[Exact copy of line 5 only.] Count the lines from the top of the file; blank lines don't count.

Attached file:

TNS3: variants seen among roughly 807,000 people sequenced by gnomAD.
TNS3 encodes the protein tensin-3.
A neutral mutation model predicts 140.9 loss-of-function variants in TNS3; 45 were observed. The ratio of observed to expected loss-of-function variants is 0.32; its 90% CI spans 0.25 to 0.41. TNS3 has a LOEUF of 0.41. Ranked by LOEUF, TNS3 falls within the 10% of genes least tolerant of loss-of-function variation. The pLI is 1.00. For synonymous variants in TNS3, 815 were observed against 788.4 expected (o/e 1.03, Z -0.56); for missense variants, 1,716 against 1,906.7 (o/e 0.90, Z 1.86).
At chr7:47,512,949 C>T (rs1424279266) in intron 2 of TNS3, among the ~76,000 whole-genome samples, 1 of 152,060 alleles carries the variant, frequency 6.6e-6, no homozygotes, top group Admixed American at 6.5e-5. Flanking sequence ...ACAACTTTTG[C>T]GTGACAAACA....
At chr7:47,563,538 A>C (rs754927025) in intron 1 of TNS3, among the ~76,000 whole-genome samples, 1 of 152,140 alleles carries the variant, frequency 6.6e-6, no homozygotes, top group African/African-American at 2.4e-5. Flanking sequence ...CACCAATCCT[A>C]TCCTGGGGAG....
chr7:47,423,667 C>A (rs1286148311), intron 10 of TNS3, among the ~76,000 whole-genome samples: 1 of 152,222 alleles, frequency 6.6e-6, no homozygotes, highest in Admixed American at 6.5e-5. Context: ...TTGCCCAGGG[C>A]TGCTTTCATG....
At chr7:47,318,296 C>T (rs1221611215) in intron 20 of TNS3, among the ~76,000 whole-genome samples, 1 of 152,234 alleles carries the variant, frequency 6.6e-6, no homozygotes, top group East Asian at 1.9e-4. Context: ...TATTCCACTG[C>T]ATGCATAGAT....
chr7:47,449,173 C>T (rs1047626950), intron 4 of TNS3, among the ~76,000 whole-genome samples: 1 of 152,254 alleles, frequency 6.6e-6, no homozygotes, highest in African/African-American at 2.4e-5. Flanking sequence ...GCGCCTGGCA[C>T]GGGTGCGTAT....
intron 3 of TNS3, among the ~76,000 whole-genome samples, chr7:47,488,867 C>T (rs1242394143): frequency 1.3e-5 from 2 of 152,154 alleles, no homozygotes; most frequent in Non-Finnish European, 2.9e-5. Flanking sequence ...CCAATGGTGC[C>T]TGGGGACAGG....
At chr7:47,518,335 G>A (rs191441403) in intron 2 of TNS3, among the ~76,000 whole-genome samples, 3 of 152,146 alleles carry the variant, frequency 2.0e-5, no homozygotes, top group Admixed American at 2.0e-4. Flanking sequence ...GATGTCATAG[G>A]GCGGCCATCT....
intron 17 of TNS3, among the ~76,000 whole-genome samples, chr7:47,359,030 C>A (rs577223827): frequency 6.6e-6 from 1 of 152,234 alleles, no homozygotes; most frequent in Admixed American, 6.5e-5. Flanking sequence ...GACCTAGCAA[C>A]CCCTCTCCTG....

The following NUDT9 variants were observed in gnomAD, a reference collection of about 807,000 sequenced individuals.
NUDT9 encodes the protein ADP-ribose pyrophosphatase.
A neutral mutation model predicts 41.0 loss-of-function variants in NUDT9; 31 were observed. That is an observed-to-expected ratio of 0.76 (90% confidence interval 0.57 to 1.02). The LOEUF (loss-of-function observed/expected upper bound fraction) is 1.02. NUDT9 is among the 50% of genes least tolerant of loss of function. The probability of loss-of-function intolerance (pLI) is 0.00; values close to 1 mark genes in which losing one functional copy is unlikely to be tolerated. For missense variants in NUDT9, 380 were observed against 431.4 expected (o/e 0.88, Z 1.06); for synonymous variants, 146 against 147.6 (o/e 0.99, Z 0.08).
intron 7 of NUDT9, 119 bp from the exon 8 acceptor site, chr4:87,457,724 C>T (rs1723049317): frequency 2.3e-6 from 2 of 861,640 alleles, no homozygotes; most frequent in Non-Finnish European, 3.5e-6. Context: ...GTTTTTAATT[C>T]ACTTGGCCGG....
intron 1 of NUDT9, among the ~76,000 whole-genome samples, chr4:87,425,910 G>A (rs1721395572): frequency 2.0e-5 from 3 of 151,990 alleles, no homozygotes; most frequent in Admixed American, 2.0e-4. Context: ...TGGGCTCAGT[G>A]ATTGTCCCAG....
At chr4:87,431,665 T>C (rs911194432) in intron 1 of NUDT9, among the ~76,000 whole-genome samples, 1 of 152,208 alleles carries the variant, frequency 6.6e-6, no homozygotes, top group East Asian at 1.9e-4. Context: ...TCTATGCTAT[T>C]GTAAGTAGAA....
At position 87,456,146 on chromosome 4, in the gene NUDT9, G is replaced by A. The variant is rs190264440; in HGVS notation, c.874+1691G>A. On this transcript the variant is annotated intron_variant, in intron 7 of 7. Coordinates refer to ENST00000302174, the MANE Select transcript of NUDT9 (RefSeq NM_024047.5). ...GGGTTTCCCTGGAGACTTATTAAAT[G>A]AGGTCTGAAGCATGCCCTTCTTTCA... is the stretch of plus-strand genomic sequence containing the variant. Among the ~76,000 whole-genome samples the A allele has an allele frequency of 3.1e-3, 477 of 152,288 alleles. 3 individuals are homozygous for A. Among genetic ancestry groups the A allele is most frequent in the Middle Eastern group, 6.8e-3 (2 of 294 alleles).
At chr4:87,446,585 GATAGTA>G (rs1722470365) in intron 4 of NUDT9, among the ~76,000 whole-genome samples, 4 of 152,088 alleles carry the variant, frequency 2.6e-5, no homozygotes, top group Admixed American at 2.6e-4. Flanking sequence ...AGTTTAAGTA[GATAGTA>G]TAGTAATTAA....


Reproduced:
At chr7:47,563,538 A>C (rs754927025) in intron 1 of TNS3, among the ~76,000 whole-genome samples, 1 of 152,140 alleles carries the variant, frequency 6.6e-6, no homozygotes, top group African/African-American at 2.4e-5. Flanking sequence ...CACCAATCCT[A>C]TCCTGGGGAG....